So, last week I wrote about a dangerous encounter with a grizzly that I was lucky to walk away from in Banff National Park. Later, in Jasper National Park, I had a much more peaceful encounter with this Bull Elk. We had just spent a glorious sunrise at Pyramid Lake, where the light was amazing and the lake was calm. We all walked away with photos of the lake, Pyramid Mountain, and Pyramid Island that we were quite happy with. After shooting for two and half hours, we all were hungry and started heading back to the hotel to grab a quick breakfast. Just as we turned the corner from the lake, we spotted this bull elk and several female elk at the end of Patricia Lake. I guess that breakfast would have to wait. The elk were pretty calm, munching on their breakfast. That allowed us to get some terrific photos of them. I was thankful that I had my new long lens so that I was able to get some great close-ups without endangering myself this time.
Whenever you are on a road trip with Jeff Clow, be prepared to take a lot of road shot photos. I mean lots of them. Jeff is a Jedi Master of these type of shots and he is always on the lookout for them. On last week's trip to Banff and Jasper National Parks, he was in his glory as the 140-mile Icefields Parkway that connects the two parks is a treasure trove of possible road shots. It is often comical to stop suddenly along the parkway and fifteen photographers hop out of their cars and run to the middle of the road to get a shot. It is a challenge as every car that approaches pulls over to the side of the road thinking we have spotted a grizzly bear. When they find out that there is no bear, they often drive off in a huff.
This shot was not actually a road shot at all. We stopped at the Parker Ridge parking area close to the Banff - Jasper border. Most of my fellow photographers went off to the right to shoot the valley. I noticed the small snow squall to the left of the mountain and thought it would make a cool road shot. I guess Jeff is rubbing off on me.
In case you were wondering whether all I shot in Banff were mountain reflections in lakes (I did shoot a lot of those), this photo will prove there are other things to shoot. On my first morning of the trip, a few of us headed to Moraine Lake. For those of you who follow my fellow photographers on Facebook, you may have noticed that the lake is a very popular and beautiful subject. Its location in the Valley of the Ten Peaks should give you a good indication of why it is so popular. The road leading to the lake also has some compelling subjects. My favorite along the road is the towering Mount Babel. I shot it back in 2006, and I made Jeff Clow look for the exact spot a couple of years ago. This time, it was easy to find and it had a special surprise for me. Overnight, a light snow had fallen, and when we first pulled up, snow flurries were in the air. Whenever you pull over to the side of the road in Banff, other cars stop, thinking you have found some wildlife. What they discovered instead was the sheer face of Mount Babel in all of its ruggedness. As I composed this shot, a small break in the clouds opened up and part of the mountain lit up, ever so briefly.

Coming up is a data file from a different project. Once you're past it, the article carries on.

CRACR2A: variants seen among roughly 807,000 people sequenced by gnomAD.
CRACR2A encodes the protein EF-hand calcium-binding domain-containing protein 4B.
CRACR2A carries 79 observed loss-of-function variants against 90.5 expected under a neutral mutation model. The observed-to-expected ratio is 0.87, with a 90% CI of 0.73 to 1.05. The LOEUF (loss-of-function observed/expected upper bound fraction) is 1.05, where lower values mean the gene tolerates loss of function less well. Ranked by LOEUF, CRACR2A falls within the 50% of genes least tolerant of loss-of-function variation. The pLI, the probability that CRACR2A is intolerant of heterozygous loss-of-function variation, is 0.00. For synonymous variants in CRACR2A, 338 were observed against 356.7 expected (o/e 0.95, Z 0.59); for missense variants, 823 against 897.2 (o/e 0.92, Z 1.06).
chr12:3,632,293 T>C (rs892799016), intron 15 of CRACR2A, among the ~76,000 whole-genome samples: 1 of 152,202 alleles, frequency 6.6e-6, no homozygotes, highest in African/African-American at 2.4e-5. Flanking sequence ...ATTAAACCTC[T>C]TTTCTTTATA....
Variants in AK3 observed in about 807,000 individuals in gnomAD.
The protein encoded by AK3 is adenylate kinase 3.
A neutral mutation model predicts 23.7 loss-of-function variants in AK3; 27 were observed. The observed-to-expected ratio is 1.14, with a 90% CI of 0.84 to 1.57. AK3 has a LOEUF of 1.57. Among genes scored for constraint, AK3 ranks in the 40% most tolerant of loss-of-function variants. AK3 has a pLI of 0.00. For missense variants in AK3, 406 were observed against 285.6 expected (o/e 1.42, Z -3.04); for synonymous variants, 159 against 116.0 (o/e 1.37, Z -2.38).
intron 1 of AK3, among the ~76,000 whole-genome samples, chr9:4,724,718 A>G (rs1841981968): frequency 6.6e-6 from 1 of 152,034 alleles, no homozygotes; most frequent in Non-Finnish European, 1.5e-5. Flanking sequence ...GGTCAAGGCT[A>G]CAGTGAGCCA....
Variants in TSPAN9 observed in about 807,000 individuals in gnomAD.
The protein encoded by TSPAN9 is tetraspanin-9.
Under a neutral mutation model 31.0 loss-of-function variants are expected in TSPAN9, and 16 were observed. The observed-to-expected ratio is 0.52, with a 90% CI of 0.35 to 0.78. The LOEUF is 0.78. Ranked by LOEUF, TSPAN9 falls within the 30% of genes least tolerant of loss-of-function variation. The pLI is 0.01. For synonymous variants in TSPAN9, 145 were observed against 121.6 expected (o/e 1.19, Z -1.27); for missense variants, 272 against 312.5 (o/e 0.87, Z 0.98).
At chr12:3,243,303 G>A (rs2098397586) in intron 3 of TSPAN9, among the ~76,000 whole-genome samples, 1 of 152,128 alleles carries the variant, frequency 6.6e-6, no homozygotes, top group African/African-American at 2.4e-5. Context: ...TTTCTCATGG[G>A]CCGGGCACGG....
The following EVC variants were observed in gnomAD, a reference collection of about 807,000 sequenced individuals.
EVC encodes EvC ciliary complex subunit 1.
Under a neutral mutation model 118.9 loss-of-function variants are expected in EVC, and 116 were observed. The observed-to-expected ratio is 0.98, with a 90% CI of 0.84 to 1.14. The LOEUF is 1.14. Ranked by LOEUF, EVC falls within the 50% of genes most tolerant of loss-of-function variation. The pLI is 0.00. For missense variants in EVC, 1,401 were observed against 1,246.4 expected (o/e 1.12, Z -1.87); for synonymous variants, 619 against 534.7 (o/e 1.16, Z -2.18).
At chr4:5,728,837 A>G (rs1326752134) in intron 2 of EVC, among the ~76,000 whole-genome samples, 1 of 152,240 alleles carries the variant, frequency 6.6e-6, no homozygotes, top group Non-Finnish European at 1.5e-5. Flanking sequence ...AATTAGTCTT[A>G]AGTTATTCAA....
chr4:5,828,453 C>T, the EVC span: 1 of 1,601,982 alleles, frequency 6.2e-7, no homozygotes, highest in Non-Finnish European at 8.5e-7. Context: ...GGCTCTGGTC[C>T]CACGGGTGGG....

Being one of the last photographers home from a trip to Banff National Park, I am a bit behind everyone else's posts. I must say that their work so far is stellar and that I have the great benefit of shooting with excellent photographers that I also call friends. I will try to post different compositions so as not to repeat their work. I believe that this photograph of Waterfowl Lake qualifies as that. In fact, on my previous visits to this pristine lake, I had never shot from the southern end of the lake. A few of us headed up to Jasper National Park for a few days, and when we saw Mount Chephren reflected in the lake, we just had to stop.
After shooting the scene from the Icefields Parkway, I spotted something red at the far end of the lake. I decided to check out what is was and started the long walk to the end of the lake. Turns out that the red was another photographer who was just leaving. She was kind enough to show me the trail down to where she had been. When I got to the end, I stood and looked at this exact view. This was the best place to shoot Mount Chephren and also get the peaks to the north in the composition. I could have kicked myself for not exploring this section of the lake in previous trips, but now I will make this one of my first stops in future visits.
I just got back from my trip to Banff and Jasper National Parks late on Saturday. It was great to shoot with so many photo friends that I have met over the years. It was one epic get together. Long days (sunrise at 5:30am and sunset after 10:00pm) filled with lots of laughs and great scenery. I have often said that this area was my favorite place on Earth (at least where I have been) and it did not disappoint.
This week and next, I will try to show the beauty of the area. It all starts with the Canadian Rockies and mountain lakes. Weather patterns also play a role in its beauty. Snow one day and beautiful sunshine on others. On our first morning of the trip, a few of us traveled up the Icefields Parkway to the first lake of many, namely Herbert Lake. It was snowing off and on. The skies were stark and there were only two colors to be seen: blue and green. I have seen Herbert Lake in all of its glory in the early morning sunshine (we were to experience it later in the week), so I was actually thrilled to see a different look to it. The snow stopped long enough and the wind died down enough to get this reflection of the Canadian Rockies in the lake.
Tomorrow I will be flying to Alberta to meet up with a bunch of friends to spend time exploring Banff and Jasper National Parks. Some of my friends have been there before and are revisiting one of the most beautiful areas in the world. For others, it will be their first time there and I can't wait to see their reactions when they see it. No matter how many photos you see of this area, the reality is even better.
I will be gone for almost two weeks, and have decided to take a break from posting on my blog and Facebook while I am gone. I usually have automated posts when I travel, but after a few years of not missing a post, I think I have earned it.
I leave you with this black and white interpretation that I took on my last trip there on the famed Icefields Parkway just north of the Columbian Icefields. See you in two weeks or so.